As Glenn Reynolds writes, linking to an NBC article titled “This tacky monstrosity can’t belong to Obama, can it?” They’re talking about his birthday cake, not his health care plan . . .. But both are quite revealing.”
The typically fawning NBC piece includes this passage:
Maybe this is just wild conjecture here — and we all know how much everyone loves opinions in Serious Journalism — [And at GE-owned networks, too!–Ed] but isn’t Barack Obama‘s birthday cake hideously ugly? This is not at all in line with Obama’s sleek, skinny-tie persona, and frankly, we’re shocked.
It looks like the Cake Boss’s disgruntled ex karate-chopped the frosting bag.
Decorated with the presidential seal, the layer cake was accompanied by various pies, including pecan, huckleberry, Key lime and coconut cream, plus a cheesecake.
How’d this happen? Michelle wears $540 Lanvin sneakers to plant organic veggies in the White House garden. The girls switch outfits aboard Air Force One to arrive in Paris in crisp khaki trench coats.
Sure, Barack did have that one little slip up with the mom jeans, but we’re ready to move past that.
This is not a family that courts cavities via swirls of Harris Teeter grocery store icing and fondant seals propped up against the edge of frosted daisies and blue garlands.
The Obamas should be celebrating with Baked & Wired cupcakes topped high with icing and those little silver balls that look really cool but kinda hurt everyone’s teeth nonetheless.
Oh, you mean the little silver balls that a lawyer attempted to sue the pants off numerous bakers in California over, as the L.A. Times noted in 2005:
Mark Pollock is a Napa-based environmental lawyer, a former Bay Area student radical and lover of fine food. Gloria Alvarez is a resident of Culver City who, for the last 33 years, has owned and operated Gloria’s Cake & Candy Supplies, a tiny Westside culinary landmark jammed into a former American Legion Hall near the intersection of Sawtelle and Venice. Pollock and the seventysomething Alvarez have more than a little in common.
To be precise, on April 23, 2003, Pollock and his lone associate, Evangeline James, sued Alvarez and a who’s who of names from the bakery world: “Martha Stewart Living Omnimedia Inc.; Dean & Deluca Inc.; Chefshop.com Inc.; Pfeil & Holing Inc.; Kitchen Etc.; Q.A. Products Inc.; Confectionary House; Beryl’s Cake Decorating & Pastry Supplies; American Cake Supply; Albert Uster Imports Inc.; Do It With Icing; Cooking.com Inc.; Candyland Crafts Inc.; Favors by Lisa; Sugarbakers Cake, Candy and Wedding Supplies Inc.; Kitchen Conservatory Inc.; American Gourmet Foods Inc.; Annerose Hess d.b.a. Ohess; Pastry Wiz; Barry Farm Enterprises; GM Cake and Candy Supplies d.b.a. Cybercakes; Babykakes; and Does 1 through 100 inclusive.”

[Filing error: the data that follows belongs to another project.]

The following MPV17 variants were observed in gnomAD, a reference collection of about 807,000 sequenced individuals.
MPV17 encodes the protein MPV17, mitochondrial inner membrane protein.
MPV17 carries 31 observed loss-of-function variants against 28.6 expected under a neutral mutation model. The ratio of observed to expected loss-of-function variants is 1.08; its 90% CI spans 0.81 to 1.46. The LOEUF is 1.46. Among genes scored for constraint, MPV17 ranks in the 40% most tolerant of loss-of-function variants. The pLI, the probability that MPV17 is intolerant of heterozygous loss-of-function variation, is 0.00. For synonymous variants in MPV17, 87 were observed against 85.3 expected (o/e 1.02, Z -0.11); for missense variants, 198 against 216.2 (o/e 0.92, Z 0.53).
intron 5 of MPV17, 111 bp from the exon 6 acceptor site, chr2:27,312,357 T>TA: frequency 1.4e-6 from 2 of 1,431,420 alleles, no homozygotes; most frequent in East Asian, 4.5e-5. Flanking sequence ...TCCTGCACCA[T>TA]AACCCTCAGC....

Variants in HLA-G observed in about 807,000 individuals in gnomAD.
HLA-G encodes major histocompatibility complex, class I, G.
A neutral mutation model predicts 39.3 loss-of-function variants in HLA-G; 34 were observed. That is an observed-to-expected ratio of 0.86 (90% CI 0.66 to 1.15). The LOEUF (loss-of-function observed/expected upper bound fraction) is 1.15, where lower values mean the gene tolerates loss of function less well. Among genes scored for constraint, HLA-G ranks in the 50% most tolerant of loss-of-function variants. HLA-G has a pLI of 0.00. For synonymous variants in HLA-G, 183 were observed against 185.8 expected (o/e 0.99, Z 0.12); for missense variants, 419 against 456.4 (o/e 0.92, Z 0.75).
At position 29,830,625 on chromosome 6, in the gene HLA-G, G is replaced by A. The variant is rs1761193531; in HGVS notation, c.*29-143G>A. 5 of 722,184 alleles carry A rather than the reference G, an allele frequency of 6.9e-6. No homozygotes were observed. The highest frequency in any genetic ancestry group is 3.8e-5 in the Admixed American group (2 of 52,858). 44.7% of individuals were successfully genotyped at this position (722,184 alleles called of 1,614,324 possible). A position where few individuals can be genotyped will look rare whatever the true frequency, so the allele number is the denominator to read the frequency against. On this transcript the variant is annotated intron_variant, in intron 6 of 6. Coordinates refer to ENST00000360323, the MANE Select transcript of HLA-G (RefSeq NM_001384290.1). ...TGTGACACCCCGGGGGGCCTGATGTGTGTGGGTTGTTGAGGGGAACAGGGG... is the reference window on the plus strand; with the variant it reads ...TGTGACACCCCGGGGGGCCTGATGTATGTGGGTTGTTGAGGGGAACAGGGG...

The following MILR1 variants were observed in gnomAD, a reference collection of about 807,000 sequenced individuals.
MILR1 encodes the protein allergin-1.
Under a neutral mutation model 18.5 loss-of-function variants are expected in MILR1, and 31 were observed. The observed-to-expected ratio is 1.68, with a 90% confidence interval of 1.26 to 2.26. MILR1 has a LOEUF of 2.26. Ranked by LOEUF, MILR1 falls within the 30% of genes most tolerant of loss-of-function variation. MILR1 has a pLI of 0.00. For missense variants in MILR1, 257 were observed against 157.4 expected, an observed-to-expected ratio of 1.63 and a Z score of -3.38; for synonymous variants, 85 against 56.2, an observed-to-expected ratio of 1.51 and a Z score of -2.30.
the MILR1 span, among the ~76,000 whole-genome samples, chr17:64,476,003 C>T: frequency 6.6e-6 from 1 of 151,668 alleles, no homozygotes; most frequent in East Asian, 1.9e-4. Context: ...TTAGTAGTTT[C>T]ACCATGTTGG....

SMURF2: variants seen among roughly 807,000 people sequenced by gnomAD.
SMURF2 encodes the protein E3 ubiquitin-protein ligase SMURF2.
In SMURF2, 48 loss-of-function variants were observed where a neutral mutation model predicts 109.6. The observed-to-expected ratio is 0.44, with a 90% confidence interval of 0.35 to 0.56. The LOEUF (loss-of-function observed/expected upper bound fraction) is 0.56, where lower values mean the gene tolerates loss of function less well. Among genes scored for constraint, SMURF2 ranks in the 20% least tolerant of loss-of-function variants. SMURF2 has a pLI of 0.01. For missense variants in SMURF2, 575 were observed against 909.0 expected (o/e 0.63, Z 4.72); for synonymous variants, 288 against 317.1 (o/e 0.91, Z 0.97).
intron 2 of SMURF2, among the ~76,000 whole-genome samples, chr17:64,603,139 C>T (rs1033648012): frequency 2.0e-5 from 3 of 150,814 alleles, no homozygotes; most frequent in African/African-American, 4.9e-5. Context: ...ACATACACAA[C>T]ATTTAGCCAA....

Pollock’s lawsuit swept through the close-knit world of American cake decorating like a hot knife through icing. Despite no law specifically outlawing dragées, private citizen Pollock took it upon himself to rid every last supermarket shelf, specialty food store and mail-order purveyor in California of those tiny silver-covered sugar balls you’ve been licking or flicking off the top of your cupcakes since you were a tyke.
Pollock’s suit was an attempt to get a potentially dangerous substance out of the hands and stomachs of the California public. But to Alvarez and her colleagues, it was as if they were being blackmailed by a distant tree-hugger.
Looking at the bigger picture, however, their confrontation becomes a battle between good health and environmental toxins; political correctness and practical sense; Big Government and laissez faire; baby boomer foodies and the much younger fist-waving progressives. But in the end, it was no contest. Can you guess who won?
As Virginia Postrel noted at the time in a post titled “Banning Small Pleasures” (where I first read of the lawsuits):
Pollock is a fanatic who’s determined to stamp out other people’s small pleasures in pursuit of his own version of righteous living (and collect lots of money along the way). He succeeds because it costs him almost nothing to sue. His victims settle rather than spend more, in time and money, to fight his claims. Any litigation system that encourages–indeed, rewards–this petty tyranny needs serious reform.
A litigious puritan and “former student radical” determined, as Postrel wrote, “to stamp out other people’s small pleasures in pursuit of his own version of righteous living (and collect lots of money along the way).”
Sounds like somebody else who just celebrated his own birthday, no?